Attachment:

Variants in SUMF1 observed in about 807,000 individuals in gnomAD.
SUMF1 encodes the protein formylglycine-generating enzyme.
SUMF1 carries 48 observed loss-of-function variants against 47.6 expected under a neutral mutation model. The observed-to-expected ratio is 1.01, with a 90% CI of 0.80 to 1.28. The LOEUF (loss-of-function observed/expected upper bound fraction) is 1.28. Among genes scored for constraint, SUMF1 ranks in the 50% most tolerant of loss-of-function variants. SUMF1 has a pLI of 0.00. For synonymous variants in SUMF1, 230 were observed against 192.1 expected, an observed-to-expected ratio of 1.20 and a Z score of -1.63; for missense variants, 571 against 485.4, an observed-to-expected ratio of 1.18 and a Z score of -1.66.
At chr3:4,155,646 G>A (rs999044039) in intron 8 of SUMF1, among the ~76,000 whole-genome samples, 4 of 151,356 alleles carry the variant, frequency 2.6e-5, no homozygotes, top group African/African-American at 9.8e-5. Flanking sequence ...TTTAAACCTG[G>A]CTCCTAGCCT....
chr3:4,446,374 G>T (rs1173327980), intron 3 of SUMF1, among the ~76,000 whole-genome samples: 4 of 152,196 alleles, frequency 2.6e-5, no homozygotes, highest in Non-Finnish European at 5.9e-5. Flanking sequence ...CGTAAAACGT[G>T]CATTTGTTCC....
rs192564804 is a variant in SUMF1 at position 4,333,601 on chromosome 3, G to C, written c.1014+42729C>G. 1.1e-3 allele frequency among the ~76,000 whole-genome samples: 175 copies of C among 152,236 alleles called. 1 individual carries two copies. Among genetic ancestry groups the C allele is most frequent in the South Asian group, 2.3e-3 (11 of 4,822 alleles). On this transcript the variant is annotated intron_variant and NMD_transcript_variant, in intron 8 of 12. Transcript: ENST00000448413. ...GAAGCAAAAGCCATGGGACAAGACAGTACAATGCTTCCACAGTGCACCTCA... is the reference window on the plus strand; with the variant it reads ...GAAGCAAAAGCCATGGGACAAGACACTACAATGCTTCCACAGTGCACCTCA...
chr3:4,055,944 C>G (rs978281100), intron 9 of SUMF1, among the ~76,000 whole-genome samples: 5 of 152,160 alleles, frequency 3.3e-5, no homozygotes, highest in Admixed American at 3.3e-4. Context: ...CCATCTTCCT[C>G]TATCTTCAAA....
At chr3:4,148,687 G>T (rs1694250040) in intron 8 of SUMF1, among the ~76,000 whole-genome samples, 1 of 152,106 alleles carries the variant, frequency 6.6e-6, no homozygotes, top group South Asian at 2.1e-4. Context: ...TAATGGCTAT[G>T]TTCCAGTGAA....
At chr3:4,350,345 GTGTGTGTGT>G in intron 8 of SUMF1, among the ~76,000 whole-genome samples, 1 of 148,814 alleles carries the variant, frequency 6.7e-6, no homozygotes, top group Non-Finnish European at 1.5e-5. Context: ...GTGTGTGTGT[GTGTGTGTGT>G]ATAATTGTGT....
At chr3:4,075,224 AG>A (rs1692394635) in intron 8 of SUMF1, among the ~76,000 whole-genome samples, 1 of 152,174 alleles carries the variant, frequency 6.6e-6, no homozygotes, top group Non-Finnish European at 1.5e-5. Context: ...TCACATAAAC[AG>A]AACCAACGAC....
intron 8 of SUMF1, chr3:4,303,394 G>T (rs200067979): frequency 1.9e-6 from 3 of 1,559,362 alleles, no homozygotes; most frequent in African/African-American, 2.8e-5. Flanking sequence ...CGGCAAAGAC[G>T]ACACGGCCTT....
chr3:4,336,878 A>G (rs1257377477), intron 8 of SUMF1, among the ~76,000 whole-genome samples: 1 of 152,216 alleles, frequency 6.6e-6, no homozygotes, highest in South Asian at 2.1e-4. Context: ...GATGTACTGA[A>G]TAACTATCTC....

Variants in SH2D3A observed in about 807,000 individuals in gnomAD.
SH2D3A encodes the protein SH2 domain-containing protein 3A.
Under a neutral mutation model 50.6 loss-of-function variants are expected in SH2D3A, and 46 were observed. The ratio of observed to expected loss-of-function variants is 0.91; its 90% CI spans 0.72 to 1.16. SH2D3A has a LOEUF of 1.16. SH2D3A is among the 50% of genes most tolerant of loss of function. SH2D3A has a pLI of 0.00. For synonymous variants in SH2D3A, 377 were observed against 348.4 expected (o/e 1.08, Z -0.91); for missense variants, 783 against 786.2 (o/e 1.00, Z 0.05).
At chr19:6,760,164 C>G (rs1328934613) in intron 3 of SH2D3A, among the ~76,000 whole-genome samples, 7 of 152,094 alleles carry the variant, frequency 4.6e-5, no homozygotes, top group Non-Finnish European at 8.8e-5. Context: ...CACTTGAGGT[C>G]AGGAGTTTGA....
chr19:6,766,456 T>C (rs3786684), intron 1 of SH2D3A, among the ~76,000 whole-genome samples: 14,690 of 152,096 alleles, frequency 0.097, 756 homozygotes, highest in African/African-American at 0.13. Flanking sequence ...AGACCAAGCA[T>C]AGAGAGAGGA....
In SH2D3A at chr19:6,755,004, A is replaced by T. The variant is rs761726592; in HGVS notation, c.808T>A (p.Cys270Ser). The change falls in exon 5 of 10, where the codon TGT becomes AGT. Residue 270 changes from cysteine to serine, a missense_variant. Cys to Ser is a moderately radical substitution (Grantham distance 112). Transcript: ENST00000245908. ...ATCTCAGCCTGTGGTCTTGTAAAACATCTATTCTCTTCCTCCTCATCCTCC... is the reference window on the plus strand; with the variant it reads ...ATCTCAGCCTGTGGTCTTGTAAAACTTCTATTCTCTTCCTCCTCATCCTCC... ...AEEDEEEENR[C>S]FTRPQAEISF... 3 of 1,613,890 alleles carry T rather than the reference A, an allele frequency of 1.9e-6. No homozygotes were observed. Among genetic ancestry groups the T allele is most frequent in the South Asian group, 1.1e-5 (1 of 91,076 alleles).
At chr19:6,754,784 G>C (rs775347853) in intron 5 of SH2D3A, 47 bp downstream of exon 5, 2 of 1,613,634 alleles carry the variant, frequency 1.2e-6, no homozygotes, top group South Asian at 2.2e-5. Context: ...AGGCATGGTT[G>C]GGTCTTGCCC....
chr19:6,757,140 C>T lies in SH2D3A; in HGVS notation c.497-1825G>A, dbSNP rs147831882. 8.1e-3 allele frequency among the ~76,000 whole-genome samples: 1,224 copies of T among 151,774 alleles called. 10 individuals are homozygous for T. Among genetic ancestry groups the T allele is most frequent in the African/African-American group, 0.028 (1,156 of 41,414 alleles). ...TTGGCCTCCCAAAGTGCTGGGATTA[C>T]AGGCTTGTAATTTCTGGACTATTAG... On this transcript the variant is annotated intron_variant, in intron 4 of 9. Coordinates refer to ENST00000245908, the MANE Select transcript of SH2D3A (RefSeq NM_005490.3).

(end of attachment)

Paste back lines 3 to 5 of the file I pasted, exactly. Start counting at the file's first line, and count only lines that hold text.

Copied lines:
SUMF1 carries 48 observed loss-of-function variants against 47.6 expected under a neutral mutation model. The observed-to-expected ratio is 1.01, with a 90% CI of 0.80 to 1.28. The LOEUF (loss-of-function observed/expected upper bound fraction) is 1.28. Among genes scored for constraint, SUMF1 ranks in the 50% most tolerant of loss-of-function variants. SUMF1 has a pLI of 0.00. For synonymous variants in SUMF1, 230 were observed against 192.1 expected, an observed-to-expected ratio of 1.20 and a Z score of -1.63; for missense variants, 571 against 485.4, an observed-to-expected ratio of 1.18 and a Z score of -1.66.
At chr3:4,155,646 G>A (rs999044039) in intron 8 of SUMF1, among the ~76,000 whole-genome samples, 4 of 151,356 alleles carry the variant, frequency 2.6e-5, no homozygotes, top group African/African-American at 9.8e-5. Flanking sequence ...TTTAAACCTG[G>A]CTCCTAGCCT....
chr3:4,446,374 G>T (rs1173327980), intron 3 of SUMF1, among the ~76,000 whole-genome samples: 4 of 152,196 alleles, frequency 2.6e-5, no homozygotes, highest in Non-Finnish European at 5.9e-5. Flanking sequence ...CGTAAAACGT[G>T]CATTTGTTCC....